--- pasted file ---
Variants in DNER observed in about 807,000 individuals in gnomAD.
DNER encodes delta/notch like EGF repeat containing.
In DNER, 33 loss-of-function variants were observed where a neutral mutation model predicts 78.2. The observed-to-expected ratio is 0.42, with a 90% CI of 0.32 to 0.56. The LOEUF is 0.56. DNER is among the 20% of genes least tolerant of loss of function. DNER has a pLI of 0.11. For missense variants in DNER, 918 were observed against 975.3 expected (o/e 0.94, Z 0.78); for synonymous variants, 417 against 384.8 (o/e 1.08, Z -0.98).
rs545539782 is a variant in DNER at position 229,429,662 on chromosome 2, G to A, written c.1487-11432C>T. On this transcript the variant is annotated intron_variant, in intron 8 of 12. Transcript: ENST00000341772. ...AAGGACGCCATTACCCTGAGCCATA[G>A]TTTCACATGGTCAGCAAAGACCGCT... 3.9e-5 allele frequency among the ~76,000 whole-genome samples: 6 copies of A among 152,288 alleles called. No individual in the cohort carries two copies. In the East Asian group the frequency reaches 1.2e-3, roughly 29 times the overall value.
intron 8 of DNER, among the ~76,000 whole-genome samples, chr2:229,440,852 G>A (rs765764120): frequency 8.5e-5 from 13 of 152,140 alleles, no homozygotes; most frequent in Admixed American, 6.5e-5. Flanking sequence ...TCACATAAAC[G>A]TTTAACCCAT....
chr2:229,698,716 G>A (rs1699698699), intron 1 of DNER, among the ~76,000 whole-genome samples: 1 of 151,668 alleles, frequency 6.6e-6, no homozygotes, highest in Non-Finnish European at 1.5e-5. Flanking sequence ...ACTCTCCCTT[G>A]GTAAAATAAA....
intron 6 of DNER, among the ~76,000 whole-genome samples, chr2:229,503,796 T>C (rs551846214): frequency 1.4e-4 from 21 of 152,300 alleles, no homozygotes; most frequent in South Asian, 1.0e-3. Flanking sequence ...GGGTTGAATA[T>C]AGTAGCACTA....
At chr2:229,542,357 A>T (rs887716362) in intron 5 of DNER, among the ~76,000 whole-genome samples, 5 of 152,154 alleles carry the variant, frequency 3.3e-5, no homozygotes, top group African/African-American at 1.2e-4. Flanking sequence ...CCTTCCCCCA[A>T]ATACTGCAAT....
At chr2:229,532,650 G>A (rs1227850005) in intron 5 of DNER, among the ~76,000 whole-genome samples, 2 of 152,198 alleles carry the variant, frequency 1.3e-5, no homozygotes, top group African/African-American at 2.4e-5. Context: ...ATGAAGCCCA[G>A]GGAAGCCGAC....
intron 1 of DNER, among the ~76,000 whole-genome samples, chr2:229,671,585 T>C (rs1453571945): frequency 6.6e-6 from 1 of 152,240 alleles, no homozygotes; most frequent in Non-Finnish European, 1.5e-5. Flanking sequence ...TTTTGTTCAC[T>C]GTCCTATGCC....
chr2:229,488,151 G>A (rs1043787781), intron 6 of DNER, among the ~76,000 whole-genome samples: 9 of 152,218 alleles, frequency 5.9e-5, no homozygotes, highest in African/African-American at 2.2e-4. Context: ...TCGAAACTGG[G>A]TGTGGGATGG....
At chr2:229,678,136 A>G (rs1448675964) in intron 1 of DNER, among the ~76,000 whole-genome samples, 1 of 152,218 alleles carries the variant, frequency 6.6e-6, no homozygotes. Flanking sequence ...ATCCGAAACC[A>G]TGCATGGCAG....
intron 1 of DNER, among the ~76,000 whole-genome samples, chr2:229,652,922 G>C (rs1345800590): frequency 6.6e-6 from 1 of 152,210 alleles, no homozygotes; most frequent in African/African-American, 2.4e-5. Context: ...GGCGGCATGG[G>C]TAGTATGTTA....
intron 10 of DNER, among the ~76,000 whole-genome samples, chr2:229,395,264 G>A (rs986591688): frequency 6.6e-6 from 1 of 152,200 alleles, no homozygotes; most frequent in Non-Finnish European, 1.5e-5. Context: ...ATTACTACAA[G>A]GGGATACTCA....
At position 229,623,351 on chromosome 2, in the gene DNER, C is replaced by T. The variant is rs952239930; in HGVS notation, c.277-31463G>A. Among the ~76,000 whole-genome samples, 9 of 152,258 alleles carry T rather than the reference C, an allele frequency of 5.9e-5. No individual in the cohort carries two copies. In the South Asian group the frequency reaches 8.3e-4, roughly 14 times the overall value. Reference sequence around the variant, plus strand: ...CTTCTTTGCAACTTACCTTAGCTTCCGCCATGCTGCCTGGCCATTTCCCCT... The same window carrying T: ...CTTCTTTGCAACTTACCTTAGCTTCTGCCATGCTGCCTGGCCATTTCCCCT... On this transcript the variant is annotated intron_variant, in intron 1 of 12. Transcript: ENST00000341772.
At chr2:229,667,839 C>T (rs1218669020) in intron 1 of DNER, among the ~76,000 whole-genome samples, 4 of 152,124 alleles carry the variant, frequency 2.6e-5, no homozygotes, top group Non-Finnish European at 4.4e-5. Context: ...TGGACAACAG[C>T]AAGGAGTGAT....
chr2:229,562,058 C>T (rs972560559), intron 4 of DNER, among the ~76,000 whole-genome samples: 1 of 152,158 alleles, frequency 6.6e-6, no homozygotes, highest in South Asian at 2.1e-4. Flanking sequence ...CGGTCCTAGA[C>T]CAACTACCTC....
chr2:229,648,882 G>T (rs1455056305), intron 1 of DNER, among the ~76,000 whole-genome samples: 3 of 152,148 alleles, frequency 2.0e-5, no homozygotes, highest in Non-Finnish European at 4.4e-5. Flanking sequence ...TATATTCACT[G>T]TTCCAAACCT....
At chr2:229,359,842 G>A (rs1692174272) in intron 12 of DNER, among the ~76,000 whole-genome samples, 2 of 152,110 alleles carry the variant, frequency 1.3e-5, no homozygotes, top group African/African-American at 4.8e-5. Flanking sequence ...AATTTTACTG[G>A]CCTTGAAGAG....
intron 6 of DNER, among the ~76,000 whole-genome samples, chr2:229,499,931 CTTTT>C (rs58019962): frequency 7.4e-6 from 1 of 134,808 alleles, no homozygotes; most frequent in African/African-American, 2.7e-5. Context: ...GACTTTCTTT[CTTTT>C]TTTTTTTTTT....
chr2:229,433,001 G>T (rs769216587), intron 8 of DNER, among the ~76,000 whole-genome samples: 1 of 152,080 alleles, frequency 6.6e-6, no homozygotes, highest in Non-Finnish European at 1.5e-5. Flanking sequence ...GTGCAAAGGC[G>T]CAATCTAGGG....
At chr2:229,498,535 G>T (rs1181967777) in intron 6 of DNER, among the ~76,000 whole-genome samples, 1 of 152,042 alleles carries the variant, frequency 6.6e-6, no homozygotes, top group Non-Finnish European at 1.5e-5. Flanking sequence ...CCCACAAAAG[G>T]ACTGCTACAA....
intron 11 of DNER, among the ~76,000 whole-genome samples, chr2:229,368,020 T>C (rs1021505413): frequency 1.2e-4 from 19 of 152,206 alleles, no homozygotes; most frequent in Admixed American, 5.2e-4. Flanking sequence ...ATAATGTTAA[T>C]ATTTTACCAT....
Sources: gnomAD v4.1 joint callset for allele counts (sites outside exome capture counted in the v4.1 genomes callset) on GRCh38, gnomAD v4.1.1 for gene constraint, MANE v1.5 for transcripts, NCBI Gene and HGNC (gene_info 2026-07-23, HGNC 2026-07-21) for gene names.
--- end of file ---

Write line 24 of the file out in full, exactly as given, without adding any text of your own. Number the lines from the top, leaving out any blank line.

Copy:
Sources: gnomAD v4.1 joint callset for allele counts (sites outside exome capture counted in the v4.1 genomes callset) on GRCh38, gnomAD v4.1.1 for gene constraint, MANE v1.5 for transcripts, NCBI Gene and HGNC (gene_info 2026-07-23, HGNC 2026-07-21) for gene names.